eDiscovery Daily Blog

After Woman’s iPhone is Seized and She Sues, Homeland Security Agrees to Delete Her Data: eDiscovery Case Law

An American Muslim woman filed suit and asked a federal judge to compel border officials to erase data copied from her iPhone.  Now, she has settled her lawsuit with the government because federal authorities have now agreed to delete the seized data.

As discussed in Ars Technica (Feds took woman’s iPhone at border, she sued, now they agree to delete data, written by Cyrus Farivar), in the case Lazoja v. Nielsen, attorneys for the woman, Rejhane Lazoja, filed what’s called a Rule 41(g) Motion, otherwise known as a “Motion to Return Property.”  Normally, this rule is invoked for tangible items seized as part of a criminal investigation, not for digital data that can easily be copied, bit for bit. But here, the plaintiff, asked the judge to return data that she already had already received 90 days after the seizure when her iPhone was returned, fully intact.

Lazoja’s case has raised new questions about the state of the law with respect to warrantless border searches, particularly in the wake of two notable Supreme Court cases that have dealt with digital privacy in recent years, Carpenter v. United States (2018) and Riley v. California (2014).  The government claims that it has the authority to search and seize someone’s device without a warrant – otherwise needed in the interior of the country. Federal authorities rely on what’s known as the “border doctrine.” This is the controversial but standing legal idea that warrants are not required to conduct a search at the border. The theory has been generally recognized by courts, even in recent years.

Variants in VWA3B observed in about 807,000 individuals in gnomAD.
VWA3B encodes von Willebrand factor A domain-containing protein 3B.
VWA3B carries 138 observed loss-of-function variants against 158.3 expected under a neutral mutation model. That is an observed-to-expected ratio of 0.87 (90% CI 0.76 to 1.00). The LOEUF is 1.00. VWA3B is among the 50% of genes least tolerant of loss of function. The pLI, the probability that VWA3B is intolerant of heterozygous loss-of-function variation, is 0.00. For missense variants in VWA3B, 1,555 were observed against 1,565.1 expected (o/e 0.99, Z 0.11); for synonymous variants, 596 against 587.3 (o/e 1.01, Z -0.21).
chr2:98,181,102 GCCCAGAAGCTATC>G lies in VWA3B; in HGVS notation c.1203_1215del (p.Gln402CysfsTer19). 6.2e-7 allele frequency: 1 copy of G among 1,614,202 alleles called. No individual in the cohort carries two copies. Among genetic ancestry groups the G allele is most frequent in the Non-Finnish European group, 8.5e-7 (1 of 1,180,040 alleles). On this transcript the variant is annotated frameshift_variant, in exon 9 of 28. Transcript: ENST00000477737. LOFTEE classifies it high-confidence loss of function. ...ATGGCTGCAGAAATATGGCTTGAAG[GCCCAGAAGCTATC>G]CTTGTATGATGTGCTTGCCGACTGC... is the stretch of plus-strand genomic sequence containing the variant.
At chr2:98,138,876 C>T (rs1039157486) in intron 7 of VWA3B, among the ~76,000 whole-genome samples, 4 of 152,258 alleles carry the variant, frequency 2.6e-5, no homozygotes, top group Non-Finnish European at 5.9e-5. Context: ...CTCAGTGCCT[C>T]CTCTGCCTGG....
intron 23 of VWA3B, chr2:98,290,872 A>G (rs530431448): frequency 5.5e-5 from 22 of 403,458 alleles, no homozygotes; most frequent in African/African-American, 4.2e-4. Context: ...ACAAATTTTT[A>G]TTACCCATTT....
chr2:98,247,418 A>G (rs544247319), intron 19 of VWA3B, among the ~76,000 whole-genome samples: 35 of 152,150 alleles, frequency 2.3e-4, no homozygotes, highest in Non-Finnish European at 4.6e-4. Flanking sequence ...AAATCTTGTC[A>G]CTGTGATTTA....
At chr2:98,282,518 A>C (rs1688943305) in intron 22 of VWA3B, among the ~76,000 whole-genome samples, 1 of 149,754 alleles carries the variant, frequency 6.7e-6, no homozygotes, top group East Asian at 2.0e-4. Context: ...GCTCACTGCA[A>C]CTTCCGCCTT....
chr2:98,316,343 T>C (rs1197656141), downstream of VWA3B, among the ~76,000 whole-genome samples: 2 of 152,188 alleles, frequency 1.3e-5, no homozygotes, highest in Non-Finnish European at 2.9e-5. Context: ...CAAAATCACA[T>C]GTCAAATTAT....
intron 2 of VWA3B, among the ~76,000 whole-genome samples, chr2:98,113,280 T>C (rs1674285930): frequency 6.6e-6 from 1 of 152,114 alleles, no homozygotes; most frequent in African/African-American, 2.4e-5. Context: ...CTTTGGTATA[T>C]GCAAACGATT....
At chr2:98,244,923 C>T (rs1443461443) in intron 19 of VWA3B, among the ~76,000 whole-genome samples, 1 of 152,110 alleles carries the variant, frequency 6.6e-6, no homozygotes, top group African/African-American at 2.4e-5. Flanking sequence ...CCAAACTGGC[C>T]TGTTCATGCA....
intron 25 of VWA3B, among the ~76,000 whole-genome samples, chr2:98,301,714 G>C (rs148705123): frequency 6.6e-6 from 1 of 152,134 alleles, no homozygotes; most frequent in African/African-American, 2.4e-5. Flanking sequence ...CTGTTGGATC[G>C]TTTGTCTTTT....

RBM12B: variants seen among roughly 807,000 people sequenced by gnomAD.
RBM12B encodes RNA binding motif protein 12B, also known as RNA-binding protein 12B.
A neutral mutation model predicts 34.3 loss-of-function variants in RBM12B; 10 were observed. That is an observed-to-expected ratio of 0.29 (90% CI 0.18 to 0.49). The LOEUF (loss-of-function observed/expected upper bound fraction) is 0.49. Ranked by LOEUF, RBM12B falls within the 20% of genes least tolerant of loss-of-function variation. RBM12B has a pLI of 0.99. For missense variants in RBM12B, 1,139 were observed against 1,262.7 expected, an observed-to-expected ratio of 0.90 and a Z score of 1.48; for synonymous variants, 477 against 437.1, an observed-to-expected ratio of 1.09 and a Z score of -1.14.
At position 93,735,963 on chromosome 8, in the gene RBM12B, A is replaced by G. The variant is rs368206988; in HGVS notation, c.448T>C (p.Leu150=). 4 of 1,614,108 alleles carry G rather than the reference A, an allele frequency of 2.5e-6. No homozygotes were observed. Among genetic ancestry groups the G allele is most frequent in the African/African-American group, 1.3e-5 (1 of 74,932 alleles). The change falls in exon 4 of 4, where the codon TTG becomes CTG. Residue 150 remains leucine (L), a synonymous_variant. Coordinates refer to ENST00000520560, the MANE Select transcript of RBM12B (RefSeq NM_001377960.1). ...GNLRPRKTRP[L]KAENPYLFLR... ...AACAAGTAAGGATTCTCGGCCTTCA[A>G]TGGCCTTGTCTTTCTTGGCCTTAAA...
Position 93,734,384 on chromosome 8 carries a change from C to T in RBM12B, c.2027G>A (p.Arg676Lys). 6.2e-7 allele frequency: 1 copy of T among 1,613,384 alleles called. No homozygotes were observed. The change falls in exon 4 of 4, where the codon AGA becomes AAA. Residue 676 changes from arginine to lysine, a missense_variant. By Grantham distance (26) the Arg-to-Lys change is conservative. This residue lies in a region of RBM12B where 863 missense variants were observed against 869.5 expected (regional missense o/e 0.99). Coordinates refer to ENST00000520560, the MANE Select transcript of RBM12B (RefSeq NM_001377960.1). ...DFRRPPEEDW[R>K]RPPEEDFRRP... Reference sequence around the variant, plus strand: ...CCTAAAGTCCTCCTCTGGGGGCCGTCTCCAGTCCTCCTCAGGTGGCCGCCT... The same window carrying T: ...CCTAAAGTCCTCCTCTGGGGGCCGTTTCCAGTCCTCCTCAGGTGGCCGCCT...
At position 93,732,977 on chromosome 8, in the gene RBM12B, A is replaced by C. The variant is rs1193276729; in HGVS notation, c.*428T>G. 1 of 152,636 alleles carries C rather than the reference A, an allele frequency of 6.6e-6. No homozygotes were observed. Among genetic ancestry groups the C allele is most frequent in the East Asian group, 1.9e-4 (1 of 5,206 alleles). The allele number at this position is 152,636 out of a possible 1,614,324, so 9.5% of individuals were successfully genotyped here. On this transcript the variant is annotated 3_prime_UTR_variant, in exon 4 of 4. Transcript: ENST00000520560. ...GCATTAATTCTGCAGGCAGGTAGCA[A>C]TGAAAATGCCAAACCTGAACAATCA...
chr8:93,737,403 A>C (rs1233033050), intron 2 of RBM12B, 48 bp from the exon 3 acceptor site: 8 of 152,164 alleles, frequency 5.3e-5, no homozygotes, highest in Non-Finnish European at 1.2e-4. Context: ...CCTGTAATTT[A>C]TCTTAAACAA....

In this case, however, Lazoja settled her lawsuit with the government after federal authorities agreed to delete the seized data.  So, the unusual approach worked in this case.

So, what do you think?  Should deletion of seized data be covered by a Rule 41(g) motion?  Please let us know if any comments you might have or if you’d like to know more about a particular topic.

Case link courtesy of eDiscovery Assistant.

Sponsor: This blog is sponsored by CloudNine, which is a data and legal discovery technology company with proven expertise in simplifying and automating the discovery of data for audits, investigations, and litigation. Used by legal and business customers worldwide including more than 50 of the top 250 Am Law firms and many of the world’s leading corporations, CloudNine’s eDiscovery automation software and services help customers gain insight and intelligence on electronic data.

Disclaimer: The views represented herein are exclusively the views of the author, and do not necessarily represent the views held by CloudNine. eDiscovery Daily is made available by CloudNine solely for educational purposes to provide general information about general eDiscovery principles and not to provide specific legal advice applicable to any particular circumstance. eDiscovery Daily should not be used as a substitute for competent legal advice from a lawyer you have retained and who has agreed to represent you.